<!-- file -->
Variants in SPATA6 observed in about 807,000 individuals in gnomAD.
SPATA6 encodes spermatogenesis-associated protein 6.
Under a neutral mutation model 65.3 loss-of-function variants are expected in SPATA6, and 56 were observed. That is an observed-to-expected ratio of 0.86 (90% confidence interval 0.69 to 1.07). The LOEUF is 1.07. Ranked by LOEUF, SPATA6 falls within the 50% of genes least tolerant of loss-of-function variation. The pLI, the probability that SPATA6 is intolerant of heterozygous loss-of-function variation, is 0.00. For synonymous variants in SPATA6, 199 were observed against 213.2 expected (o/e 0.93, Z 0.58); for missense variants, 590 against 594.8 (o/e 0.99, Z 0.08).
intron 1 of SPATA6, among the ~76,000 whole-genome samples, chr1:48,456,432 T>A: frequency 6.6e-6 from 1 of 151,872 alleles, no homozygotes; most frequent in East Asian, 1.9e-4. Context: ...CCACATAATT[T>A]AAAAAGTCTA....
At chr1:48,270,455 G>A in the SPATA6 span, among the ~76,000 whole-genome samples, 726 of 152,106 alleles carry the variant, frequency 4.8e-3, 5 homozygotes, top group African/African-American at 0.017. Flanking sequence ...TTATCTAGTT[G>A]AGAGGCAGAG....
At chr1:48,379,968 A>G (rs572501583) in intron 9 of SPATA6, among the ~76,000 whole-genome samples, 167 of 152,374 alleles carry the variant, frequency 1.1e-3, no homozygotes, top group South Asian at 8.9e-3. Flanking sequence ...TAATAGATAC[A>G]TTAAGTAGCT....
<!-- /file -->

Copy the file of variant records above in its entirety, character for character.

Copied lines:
Variants in SPATA6 observed in about 807,000 individuals in gnomAD.
SPATA6 encodes spermatogenesis-associated protein 6.
Under a neutral mutation model 65.3 loss-of-function variants are expected in SPATA6, and 56 were observed. That is an observed-to-expected ratio of 0.86 (90% confidence interval 0.69 to 1.07). The LOEUF is 1.07. Ranked by LOEUF, SPATA6 falls within the 50% of genes least tolerant of loss-of-function variation. The pLI, the probability that SPATA6 is intolerant of heterozygous loss-of-function variation, is 0.00. For synonymous variants in SPATA6, 199 were observed against 213.2 expected (o/e 0.93, Z 0.58); for missense variants, 590 against 594.8 (o/e 0.99, Z 0.08).
intron 1 of SPATA6, among the ~76,000 whole-genome samples, chr1:48,456,432 T>A: frequency 6.6e-6 from 1 of 151,872 alleles, no homozygotes; most frequent in East Asian, 1.9e-4. Context: ...CCACATAATT[T>A]AAAAAGTCTA....
At chr1:48,270,455 G>A in the SPATA6 span, among the ~76,000 whole-genome samples, 726 of 152,106 alleles carry the variant, frequency 4.8e-3, 5 homozygotes, top group African/African-American at 0.017. Flanking sequence ...TTATCTAGTT[G>A]AGAGGCAGAG....
At chr1:48,379,968 A>G (rs572501583) in intron 9 of SPATA6, among the ~76,000 whole-genome samples, 167 of 152,374 alleles carry the variant, frequency 1.1e-3, no homozygotes, top group South Asian at 8.9e-3. Flanking sequence ...TAATAGATAC[A>G]TTAAGTAGCT....